Here we are, coming fast to the end of the year. Two big holidays punctuate these last days: Thanksgiving and Christmas. People have already wished me happy holidays.
What are the current concerns we hear about on the news? For Thanksgiving, the prices of turkey and all the fixings will be going up because of shortages and pandemic repercussions. If the most important thing about the holiday is food and making it taste the way it should, then we had better get shopping and searching for sales and supplies. After all, isn’t Thanksgiving mainly about those favorite recipes and eating a feast? Who are we thanking anyway: the workers at the farms and grocery stores, those who prepare the savory dishes, those who planted the vegetables? Do we go far enough and thank the Creator for all the blessings? Do we think more about our appetites and our pigging out than the true meaning of the holiday? Certainly, it is enjoyable to eat lots of good food and share time and stories with family and friends; but do we also take the time to truly be thankful to God for all we have? Is one little “Grace Before Meals” prayer the beginning and end of our effort of giving thanks? How do we allot our time?
Retailers are getting nervous about the supply shortages. They are urging consumers to shop very early. After all, isn’t the Christmas holiday supposed to be when we all splurge and spoil our families and friends? Aren’t all the decorations, lights, and gifts the objects of our hectic activities? Who cares whether we call the season “the holidays,” or “Christmas?” Isn’t the focus on those special presents and Santa Claus? Spend that money! Everyone should be merry and bright as we concentrate on material goods!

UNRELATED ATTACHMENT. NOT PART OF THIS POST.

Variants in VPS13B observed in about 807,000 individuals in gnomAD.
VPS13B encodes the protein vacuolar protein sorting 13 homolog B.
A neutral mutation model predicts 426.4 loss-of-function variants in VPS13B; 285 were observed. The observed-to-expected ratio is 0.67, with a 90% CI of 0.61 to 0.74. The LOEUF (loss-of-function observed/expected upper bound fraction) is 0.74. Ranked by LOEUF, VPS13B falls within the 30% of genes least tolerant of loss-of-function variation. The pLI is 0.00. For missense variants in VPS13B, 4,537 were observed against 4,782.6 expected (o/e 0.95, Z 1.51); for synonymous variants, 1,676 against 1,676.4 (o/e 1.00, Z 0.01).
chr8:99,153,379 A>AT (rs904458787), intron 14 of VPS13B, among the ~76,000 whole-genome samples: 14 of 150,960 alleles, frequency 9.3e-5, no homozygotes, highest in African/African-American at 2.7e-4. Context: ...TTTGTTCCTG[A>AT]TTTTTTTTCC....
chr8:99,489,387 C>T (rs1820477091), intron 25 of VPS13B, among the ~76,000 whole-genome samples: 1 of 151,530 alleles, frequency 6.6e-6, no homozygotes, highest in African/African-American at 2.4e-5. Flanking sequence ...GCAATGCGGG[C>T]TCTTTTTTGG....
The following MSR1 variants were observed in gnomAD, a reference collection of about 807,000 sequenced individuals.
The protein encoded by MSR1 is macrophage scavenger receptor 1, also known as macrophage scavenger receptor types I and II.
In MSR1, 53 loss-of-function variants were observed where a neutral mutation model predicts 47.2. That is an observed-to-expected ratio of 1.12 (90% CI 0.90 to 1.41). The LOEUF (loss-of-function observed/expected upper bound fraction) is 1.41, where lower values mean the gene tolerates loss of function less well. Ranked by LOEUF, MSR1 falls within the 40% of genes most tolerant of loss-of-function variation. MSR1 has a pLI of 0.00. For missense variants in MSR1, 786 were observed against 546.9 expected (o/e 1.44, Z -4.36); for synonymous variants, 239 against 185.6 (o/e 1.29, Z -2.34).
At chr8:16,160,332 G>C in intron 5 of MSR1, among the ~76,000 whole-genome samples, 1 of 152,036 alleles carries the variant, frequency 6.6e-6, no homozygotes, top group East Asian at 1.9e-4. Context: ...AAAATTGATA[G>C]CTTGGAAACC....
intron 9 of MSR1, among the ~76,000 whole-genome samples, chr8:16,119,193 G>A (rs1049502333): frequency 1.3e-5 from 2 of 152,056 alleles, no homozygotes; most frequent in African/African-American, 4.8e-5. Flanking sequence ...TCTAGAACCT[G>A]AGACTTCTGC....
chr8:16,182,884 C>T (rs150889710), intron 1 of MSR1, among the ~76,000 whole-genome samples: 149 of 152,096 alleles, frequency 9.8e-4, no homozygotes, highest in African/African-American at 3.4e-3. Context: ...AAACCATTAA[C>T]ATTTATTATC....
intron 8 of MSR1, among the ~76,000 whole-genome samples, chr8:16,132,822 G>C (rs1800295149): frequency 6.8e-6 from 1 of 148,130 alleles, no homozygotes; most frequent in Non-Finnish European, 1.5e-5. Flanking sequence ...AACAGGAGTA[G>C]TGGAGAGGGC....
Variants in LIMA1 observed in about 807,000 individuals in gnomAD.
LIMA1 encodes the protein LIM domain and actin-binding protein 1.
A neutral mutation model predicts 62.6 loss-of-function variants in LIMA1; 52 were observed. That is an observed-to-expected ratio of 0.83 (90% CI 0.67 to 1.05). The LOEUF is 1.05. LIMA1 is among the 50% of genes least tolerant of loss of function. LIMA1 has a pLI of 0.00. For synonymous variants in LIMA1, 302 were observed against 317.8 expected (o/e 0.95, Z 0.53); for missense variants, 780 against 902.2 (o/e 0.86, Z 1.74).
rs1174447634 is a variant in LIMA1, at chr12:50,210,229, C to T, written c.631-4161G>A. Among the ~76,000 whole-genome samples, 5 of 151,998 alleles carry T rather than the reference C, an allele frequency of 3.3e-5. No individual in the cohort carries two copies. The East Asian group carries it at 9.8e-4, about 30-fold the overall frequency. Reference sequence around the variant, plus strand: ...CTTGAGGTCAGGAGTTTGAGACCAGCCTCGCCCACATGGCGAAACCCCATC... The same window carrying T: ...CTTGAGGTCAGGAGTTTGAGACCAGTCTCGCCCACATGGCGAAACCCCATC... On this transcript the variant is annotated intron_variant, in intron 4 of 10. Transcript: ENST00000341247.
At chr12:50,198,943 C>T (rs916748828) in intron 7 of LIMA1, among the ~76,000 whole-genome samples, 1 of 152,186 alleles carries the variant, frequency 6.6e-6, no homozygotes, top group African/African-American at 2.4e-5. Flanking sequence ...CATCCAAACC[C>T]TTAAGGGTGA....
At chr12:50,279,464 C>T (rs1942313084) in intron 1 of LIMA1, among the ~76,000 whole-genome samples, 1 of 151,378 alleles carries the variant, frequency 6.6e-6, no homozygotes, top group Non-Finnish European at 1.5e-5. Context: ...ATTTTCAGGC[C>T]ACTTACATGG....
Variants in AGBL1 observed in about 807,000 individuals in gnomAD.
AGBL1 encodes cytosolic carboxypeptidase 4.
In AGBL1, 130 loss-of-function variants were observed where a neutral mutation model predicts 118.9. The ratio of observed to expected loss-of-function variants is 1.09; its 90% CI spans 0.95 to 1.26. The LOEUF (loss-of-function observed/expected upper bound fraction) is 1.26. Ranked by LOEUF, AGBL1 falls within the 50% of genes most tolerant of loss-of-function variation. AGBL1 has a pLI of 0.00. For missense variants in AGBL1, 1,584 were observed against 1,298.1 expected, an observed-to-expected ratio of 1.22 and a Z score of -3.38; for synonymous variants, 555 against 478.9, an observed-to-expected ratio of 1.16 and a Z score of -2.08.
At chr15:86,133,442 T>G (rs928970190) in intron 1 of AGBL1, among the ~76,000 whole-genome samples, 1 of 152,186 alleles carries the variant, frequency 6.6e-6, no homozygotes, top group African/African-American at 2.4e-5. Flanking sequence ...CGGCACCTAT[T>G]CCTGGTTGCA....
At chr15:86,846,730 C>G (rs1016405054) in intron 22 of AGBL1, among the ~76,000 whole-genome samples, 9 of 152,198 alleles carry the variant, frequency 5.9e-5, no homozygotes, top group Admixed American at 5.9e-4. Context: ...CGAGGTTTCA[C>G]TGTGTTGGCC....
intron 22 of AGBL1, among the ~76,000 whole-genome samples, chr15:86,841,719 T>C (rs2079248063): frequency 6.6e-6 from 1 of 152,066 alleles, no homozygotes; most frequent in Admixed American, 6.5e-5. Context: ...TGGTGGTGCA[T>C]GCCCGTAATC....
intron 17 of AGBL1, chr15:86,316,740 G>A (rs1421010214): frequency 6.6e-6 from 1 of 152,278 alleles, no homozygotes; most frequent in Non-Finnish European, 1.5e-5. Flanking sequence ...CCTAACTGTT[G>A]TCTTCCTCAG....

Of course, giving gifts to people we care about is enjoyable. Pretty light displays in our yards can be very pleasant to put together. Christmas songs are like old friends we love to hear from every year. Do familiarity and habit tempt us to fall short, so far as our time and effort are concerned, to celebrate the actual reason for the feast? Does the season of the Incarnation become a period during which we become more an “in-car nation” as we drive around to shop, do holiday errands, and go to parties?
I am not trying to be a “bah humbug” person. I just put forth the question: With so many colorful distractions and pressures from our modern world to concentrate on the stuff that makes us feel good, well-fed, and pampered, do we miss the true value and reasons for the holidays? There is great joy in mulling over what we have to be thankful for and then praying some sincere and frequent thank-you prayers. And if Jesus had not come to earth in the fullness of time, we know we would be lost and forsaken!
Our Church celebrates the season of Advent during which we prepare for the celebration of Jesus’ birth. Let’s not get ourselves too worn out to be alert and ready to proclaim to others the greatest Gift of Christmas. We make time for so many things in our lives—some necessary and some special treats—but during Advent, we really need to find time to calmly reassess our priorities to be sure we get ourselves ready for the birth of new love in our hearts and closeness to our Savior.
Photo by Tim Umphries on Unsplash
Sharon Krause is a RENEW volunteer whose writing has appeared in several resources for small-group faith sharing. She is a wife, mother, and grandmother residing in Manchester, Connecticut. Over the years, she has served in many parish ministries.